[JURIST] The EU’s Commission on Competition [official website] on Wednesday announced [official press release] a USD $1.23 billion antitrust fine against US chip maker Qualcomm [corporate website].
The commission charged Qualcomm with suppressing competition in the market for phone and table chipsets through contracts with companies such as Apple [corporate website] that contained.
Commissioner Margrethe Vestager, in charge of competition policy, said [statement]: “Qualcomm illegally shut out rivals from the market for LTE baseband chipsets for over five years, thereby cementing its market dominance.” Qualcomm paid billions to Apple, on the condition that it would not buy from rivals.
The commission initiated its investigation in 2015 and analyzed Qualcomm’s actions between 2011 and 2016. Vestager differentiated Qualcomm’s behavior from simply being the largest player in the market for chips: “[They] denied rivals the chance to compete effectively, no matter how good their products were. And that denied consumers and other companies the benefits of choice and innovation.”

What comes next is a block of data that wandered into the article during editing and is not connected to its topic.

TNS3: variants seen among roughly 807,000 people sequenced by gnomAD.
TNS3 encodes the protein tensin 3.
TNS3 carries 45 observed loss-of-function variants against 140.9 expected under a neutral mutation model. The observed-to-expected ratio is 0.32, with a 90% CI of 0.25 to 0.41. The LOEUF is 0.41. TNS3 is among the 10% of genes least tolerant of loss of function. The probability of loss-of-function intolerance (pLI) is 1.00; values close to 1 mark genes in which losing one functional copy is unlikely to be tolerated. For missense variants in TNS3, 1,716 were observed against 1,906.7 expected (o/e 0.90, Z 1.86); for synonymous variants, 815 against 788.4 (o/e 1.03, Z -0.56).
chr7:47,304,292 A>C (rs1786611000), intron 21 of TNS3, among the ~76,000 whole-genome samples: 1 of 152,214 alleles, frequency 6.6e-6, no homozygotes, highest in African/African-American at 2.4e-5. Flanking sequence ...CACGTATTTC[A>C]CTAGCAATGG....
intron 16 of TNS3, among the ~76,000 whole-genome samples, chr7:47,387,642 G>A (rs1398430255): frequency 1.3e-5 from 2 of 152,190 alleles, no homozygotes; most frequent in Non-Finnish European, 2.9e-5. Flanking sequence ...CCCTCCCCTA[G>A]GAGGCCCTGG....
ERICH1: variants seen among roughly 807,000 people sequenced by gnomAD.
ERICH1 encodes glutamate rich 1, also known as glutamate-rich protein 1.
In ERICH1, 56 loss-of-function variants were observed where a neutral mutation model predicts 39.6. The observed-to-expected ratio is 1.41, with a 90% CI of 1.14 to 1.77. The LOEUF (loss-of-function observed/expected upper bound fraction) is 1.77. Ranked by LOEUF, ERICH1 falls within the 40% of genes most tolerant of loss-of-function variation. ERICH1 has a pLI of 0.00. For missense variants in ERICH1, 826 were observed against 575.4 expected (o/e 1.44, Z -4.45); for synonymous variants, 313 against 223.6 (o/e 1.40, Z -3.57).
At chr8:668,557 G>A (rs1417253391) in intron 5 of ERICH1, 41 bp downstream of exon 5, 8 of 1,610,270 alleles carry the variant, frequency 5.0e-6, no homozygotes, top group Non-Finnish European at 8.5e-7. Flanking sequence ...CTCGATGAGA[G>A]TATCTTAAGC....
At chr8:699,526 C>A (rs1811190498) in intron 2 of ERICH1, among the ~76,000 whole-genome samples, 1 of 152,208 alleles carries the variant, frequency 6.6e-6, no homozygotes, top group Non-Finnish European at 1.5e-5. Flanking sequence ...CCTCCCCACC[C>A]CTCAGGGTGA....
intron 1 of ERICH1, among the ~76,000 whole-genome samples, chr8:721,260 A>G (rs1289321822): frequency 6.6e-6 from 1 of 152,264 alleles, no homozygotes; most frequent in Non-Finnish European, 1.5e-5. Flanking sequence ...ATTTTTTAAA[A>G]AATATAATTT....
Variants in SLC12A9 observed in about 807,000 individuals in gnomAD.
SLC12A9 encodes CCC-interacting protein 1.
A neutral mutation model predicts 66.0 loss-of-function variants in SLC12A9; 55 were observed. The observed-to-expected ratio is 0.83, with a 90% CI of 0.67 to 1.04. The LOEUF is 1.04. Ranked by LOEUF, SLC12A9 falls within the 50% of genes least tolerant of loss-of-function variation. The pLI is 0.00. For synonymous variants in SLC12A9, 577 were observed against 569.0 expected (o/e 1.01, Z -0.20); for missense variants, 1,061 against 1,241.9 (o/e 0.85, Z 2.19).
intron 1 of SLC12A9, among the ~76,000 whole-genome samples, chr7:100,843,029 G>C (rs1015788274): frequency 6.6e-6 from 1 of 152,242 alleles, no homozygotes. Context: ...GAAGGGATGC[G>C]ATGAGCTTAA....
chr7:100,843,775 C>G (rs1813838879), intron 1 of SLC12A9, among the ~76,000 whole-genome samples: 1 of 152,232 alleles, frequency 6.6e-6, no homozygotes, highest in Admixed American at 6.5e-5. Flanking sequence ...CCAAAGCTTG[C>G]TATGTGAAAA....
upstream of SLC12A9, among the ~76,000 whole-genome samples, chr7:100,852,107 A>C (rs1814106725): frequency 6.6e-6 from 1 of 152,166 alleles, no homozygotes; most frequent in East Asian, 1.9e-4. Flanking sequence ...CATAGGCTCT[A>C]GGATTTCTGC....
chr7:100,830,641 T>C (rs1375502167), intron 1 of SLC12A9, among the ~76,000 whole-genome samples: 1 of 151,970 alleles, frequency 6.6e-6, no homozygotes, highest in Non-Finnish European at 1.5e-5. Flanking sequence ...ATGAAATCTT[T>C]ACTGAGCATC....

Qualcomm said it would appeal [Reuters report] the Commission’s decision immediately.
European antitrust policy [official summary] is developed from two central rules set out in the Treaty on the Functioning of the European Union. Article 101 of the Treaty [text] prohibits agreements between two or more independent market operators which restrict competition. Second, Article 102 of the Treaty [text] prohibits firms that hold a dominant position on a given market to abuse that position.
This is the commission’s first antitrust fine since the European Court of Justice [official website] ordered a reexamination [JURIST report] of a €1.06 billion fine placed on Intel [corporate website].